3. Burleson's Jellystone Park unlocks grain bin cabins, covered wagons, and tipis for summer glamping. Ahead of the busy summer travel season, the North Texas Jellystone Park in Burleson has added a few of the coolest new "glamping" accommodations in Texas. Furnished tipis, covered wagons, and grain bin cabins opened to guests on May 19.

4. New lagoon-waterpark with lazy river dives into Dallas-Fort Worth. A long-awaited waterpark in Cedar Hill is debuting Memorial Day weekend with two of Texas' favorite splashy attractions: a lagoon and lazy river. The Lagoon at Virginia Weaver Park will open Saturday, May 27 after more than a year in development.

5. Action-packed Fast X drives home the ridiculousness of series' premise. Believe it or not, we are now over 20 years into the existence of the Fast & the Furious franchise, evolving from a street-racing story to one that could be compared to the Mission: Impossible and James Bond series. Our critic reviews the latest entry, Fast X.

Fort Worth Symphony launches summer concerts with sparkly extra: drones

Fireworks News

The Fort Worth Symphony Orchestra returns in 2023 with its annual summer concert series, Concerts in The Garden, featuring 11 concerts taking place at the Fort Worth Botanic Garden, starting May 26 and running through June 11.

This year's lineup includes tributes to the Beatles, the Eagles, and Led Zeppelin, as well as nights featuring cinematic themes such as Harry Potter and Star Wars.

But the coolest part of the 2023 series might be the light show: For the first time, they're replacing old-school fireworks with the use of cutting-edge drones.

Drones are an innovative technology that creates stunning night-sky displays using LED lights. The practice of using drones to create light shows has only been around a few years, but has been used in high-profile Olympics ceremonies as well as by the city of Dallas, who added drones as an enhancement to its 2022 New Year's Eve fireworks display.

They're an up-and-comer with many benefits, both practically and aesthetically, says FWSO VP of operations John Clapp, including avoiding the potential to start fires, as Fort Worth endured on July 4, 2022 when a fireworks show at Panther Island Pavilion started a grass fire and the event had to be shut down.

"The Botanic Garden has a lot of grass, trees, and other landscaping that could pose an issue if fireworks were to go astray," Clapp says. "Parts of Texas are so dry and fires are not uncommon. This seems like a safer option."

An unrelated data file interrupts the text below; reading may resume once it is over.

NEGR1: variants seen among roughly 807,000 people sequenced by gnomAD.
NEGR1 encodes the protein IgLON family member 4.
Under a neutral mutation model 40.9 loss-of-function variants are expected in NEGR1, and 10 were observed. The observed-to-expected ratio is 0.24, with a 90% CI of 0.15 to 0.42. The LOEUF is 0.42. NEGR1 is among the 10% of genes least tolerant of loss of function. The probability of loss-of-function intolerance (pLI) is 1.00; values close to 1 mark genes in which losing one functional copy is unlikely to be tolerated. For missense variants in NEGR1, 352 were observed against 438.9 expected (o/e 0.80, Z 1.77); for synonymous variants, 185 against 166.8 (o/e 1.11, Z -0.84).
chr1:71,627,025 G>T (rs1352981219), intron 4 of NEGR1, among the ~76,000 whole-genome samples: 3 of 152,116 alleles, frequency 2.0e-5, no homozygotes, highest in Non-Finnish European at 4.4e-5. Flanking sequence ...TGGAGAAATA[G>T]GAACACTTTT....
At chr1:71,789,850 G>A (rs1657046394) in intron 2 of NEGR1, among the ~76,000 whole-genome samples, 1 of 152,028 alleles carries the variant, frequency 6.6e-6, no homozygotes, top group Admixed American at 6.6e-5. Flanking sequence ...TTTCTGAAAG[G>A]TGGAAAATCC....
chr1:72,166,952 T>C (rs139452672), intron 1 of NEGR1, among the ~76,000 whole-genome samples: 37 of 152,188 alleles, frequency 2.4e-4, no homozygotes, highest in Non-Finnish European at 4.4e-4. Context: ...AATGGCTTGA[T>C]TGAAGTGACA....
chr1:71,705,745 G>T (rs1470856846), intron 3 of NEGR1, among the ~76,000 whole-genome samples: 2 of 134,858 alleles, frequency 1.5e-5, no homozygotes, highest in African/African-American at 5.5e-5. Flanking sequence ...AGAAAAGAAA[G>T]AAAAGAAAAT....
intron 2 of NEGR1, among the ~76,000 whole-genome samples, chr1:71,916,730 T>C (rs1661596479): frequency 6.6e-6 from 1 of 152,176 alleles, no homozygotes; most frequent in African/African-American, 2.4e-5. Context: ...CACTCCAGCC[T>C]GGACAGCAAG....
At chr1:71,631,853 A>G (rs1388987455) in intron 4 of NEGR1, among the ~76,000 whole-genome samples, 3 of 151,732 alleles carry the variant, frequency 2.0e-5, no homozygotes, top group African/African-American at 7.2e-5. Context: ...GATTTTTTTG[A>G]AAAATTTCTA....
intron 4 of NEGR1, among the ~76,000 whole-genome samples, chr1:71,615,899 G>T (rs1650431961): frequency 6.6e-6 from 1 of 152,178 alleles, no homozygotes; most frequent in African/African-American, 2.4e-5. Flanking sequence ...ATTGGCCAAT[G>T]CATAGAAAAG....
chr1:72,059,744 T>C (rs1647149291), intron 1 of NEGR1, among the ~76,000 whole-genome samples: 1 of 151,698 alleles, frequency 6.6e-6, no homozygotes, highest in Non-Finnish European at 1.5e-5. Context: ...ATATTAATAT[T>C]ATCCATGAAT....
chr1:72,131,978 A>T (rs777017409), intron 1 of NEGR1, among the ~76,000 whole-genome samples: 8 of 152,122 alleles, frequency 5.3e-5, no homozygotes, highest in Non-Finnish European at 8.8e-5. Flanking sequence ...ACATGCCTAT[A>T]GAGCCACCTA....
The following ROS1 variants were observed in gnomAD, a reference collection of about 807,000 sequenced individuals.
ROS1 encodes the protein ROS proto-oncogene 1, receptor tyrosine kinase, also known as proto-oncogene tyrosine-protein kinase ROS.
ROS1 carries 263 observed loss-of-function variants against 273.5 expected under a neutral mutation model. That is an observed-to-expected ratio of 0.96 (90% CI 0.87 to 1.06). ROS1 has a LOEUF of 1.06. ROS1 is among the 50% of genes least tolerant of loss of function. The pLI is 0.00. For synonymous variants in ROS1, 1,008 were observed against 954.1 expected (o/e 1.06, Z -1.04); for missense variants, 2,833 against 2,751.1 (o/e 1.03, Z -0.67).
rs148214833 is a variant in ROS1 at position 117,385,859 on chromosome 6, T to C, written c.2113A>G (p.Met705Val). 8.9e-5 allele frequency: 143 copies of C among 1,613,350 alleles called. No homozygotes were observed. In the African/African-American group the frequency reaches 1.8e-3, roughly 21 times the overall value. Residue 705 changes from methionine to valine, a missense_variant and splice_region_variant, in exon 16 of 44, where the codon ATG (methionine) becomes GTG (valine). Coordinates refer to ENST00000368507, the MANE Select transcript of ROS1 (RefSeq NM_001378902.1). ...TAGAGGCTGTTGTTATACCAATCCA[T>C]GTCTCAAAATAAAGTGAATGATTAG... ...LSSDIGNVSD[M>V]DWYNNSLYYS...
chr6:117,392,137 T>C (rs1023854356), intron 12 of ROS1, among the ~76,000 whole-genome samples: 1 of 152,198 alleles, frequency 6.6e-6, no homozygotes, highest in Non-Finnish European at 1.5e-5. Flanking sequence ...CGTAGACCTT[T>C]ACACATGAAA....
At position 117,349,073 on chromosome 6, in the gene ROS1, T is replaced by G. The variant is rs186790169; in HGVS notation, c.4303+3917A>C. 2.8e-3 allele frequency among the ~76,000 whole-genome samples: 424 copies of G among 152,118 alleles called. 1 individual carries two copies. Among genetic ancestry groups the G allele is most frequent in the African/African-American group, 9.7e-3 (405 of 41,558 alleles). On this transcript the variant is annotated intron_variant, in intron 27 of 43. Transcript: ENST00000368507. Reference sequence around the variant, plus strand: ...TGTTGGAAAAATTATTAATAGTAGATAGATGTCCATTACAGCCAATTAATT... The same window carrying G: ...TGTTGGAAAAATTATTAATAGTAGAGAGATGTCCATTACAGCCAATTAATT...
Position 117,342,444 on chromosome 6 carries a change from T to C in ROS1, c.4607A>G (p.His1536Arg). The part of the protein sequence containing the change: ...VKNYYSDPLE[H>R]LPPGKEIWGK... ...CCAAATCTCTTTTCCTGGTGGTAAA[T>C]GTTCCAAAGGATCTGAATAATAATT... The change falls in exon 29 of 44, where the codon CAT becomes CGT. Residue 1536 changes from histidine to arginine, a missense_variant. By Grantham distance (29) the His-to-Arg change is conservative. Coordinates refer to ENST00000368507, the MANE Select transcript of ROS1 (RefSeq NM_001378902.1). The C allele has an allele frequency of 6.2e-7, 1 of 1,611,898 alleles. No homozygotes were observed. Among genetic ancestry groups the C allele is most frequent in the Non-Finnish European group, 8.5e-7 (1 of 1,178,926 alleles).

"It also reduces the impact on homes and residences in the area - we don’t need that noise late at night and drones don’t have that problem," he says.

"We’re doing all kinds of enhancements to our indoor concerts, and we thought, why not do something with our outdoor concerts, too?" he says.

The company helping the FWSO with its programming is headquartered in North Richland Hills: Called Sky Elements, they're risen to become the top name in drone shows, flying all over the country, from Seattle to Key West to the Santa Monica Pier in California, where they'll be headed for Memorial Day.

The company employs a team of 3D animation specialists who can create displays with customized themes, says VP of development Rick Boss.

"That's one of the fun things about the Symphony's program, it has multiple unique themes like Star Wars, which is quite fun, like putting together pieces of a puzzle," Boss says.

Sky Elements started out as a pyrotechnics company, and they still do fireworks, but they're shifting all of their resources to drones, and can't keep up with demand.

From a practical standpoint, drones surpass fireworks because there's no risk of fire, and they're silent. Noise from fireworks is extremely harmful to people with PTSD as well as to wildlife and pets who get spooked and run in fear; the worst days of the year for animal shelters are July 4 and New Year's Eve.

Drones have also come down in cost to be about the same as fireworks, which have become more expensive in recent years.

The duration of a drone show is 10-15 minutes and is dependent on the drones' battery life. You measure the splendor of a drone show by how many drones. Ross says they've done shows with up to 1,000 drones; their shows for the Concerts in the Garden will deploy approximately 100 drones.

"It's a nice size, and most people haven't seen this before, so it will be a fun one," he says. "I get such a kick out of seeing the joy it brings to people."

Beyond the pragmatic element, drones also offer a more nimble and expansive palette, allowing designers to create designs and displays that fireworks cannot, says the FWSO's Clapp.

"Fireworks kind of spread out and do what they do," he says. "Pattern-wise, it's nice to look at, but the drone shows are artistically fantastic, with images that animate and move into 3D. They let you tell a story."